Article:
Immigration Reform 2013: 70 Republicans Prepare to Fight GOP Leadership On Gang Of Eight Bill

While the process to transform the nation’s immigration system has gone into full effect in the Senate, 70 House Republicans have begun to push for further debate on the immigration bill that they argue will grant immigrants amnesty and ultimately bring the nation unfavorable consequences. 

These 70 Republican House members opposed to the bill are petitioning to meet with House Speaker John Boehner (R-Ohio) for a special Republican conference meeting. 

Their dissatisfaction with the bill not only poses a threat to advancement of immigration reform, it could end up hurting the Republican party in the 2016 elections if the Republicans end up successfully blocking the bill. One reason why Latinos currently distrust (and will continue to distrust) the GOP is that the party's actions block immigration reform are widely perceived to stem from anti-Hispanic bigotry. This distrust is further amplified by events such as the time Mitt Romney was applauded by his fellow Republicans for promising to promote “self-deportation” laws. 

Furthermorer, there are members of the GOP who portray the party in such a negative light that they manage to not only offend immigrants, but also women, the poor, and other groups of citizens, making the party as a whole seem sexist, racist, classist, and insensitive. While the Democratic Party is certainly not infallible, it appears that more Republican individuals in recent years have come off as extreme, thereby causing the party to lose votes. The party’s overall stance on immigration is but one of the issues that has proven problematic for its advancement.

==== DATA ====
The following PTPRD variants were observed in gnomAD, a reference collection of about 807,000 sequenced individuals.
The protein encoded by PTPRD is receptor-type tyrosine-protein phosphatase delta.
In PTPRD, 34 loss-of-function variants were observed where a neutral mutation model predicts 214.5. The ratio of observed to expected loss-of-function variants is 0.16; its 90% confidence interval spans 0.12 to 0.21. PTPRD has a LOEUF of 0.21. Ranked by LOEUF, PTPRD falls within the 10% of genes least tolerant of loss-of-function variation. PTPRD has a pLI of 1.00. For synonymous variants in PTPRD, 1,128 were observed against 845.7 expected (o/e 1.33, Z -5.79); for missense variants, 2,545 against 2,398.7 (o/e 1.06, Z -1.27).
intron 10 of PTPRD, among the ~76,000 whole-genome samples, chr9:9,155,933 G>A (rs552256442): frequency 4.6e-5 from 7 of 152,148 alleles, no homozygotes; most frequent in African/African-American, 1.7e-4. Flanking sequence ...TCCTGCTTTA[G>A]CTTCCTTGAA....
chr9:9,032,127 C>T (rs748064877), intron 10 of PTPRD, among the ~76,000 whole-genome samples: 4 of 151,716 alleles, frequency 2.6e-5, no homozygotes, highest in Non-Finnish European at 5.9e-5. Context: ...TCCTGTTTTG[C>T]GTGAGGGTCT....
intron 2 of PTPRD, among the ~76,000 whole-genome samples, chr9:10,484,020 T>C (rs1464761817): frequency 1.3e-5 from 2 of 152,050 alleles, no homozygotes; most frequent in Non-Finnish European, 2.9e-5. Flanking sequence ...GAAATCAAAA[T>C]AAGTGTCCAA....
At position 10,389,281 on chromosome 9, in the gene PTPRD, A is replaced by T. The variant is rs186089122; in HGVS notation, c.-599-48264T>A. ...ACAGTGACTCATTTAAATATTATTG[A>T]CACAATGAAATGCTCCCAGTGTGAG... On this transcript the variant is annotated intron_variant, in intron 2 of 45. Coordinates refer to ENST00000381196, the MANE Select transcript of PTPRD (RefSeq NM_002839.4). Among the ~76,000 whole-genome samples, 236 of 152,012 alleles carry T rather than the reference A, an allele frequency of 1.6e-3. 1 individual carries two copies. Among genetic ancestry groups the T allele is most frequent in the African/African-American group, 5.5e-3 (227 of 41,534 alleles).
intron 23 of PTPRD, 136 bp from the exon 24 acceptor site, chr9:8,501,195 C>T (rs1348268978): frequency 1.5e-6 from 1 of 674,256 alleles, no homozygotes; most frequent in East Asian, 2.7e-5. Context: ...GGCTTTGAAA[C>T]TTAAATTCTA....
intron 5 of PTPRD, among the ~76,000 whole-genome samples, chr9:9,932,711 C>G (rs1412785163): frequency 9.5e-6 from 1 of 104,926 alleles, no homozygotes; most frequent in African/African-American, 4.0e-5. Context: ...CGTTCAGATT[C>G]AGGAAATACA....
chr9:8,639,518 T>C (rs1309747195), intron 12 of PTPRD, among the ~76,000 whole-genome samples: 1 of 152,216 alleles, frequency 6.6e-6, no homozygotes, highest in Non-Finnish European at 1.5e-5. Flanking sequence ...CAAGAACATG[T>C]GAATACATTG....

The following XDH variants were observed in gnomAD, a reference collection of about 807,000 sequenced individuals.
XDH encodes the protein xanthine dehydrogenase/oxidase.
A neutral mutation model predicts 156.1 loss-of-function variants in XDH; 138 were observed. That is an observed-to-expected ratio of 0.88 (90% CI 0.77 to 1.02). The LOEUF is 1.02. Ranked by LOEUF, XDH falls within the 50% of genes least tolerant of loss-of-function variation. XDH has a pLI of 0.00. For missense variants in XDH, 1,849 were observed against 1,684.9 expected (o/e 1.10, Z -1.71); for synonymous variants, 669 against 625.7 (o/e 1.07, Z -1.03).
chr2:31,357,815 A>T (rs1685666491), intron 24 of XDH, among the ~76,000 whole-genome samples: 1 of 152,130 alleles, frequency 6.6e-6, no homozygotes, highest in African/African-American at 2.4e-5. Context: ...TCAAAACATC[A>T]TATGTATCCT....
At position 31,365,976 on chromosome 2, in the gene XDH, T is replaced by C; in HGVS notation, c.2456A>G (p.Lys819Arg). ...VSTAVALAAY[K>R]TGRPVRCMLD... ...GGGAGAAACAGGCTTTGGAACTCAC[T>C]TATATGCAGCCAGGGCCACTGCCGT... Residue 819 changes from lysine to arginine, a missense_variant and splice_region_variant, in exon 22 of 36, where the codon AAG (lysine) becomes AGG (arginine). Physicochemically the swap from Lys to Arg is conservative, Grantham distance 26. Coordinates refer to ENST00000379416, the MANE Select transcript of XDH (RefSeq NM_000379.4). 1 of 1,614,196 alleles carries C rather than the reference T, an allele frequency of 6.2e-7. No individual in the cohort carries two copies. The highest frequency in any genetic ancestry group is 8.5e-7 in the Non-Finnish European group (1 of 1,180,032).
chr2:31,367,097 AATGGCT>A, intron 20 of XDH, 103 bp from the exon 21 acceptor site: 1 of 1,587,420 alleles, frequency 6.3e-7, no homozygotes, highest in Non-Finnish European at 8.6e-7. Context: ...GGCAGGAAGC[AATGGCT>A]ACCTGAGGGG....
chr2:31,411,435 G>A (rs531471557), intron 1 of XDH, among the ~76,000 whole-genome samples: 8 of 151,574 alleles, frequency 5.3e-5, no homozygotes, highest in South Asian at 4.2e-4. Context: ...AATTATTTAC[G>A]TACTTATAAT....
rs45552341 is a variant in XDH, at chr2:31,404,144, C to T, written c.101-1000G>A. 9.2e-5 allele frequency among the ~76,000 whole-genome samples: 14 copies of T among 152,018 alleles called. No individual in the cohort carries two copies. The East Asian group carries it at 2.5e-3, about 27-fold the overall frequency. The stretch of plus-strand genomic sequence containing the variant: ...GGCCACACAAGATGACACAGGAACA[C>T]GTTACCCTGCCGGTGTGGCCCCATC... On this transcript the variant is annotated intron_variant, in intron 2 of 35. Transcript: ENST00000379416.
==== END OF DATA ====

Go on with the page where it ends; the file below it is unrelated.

In an interview with World Net Daily, Michele Bachmann (R-Minn.) spoke of the immigration bill and essentially stated that if passed, it would be the end of the GOP. She went on to claim that the bill was “number one” on Obama’s political agenda and suggested that this is because the president “knows we will never again have a Republican president, ever, if amnesty goes into effect”. 

Even if Bachmann were correct on this point, as long as voters continue voting in the center and the GOP presidential candidates appear to stand too far to the right, immigration will not be the only or even greatest issue that keeps Republicans out of the White House. 

Members of the GOP have the choice to shape their political platform just as voters have the choice to vote on the issues that matter most to them. While I don't believe that blocking immigration will doom Republicans forever, it undoubtedly can be harmful to future Republican presidential candidates. Nonetheless, if Republicans decide that immigration reform or amnesty is an issue they absolutely would not like to compromise on, then they must work to revamp other areas of their platform and ensure that the right people are representing their party in order to remain strong contenders in the upcoming presidential race.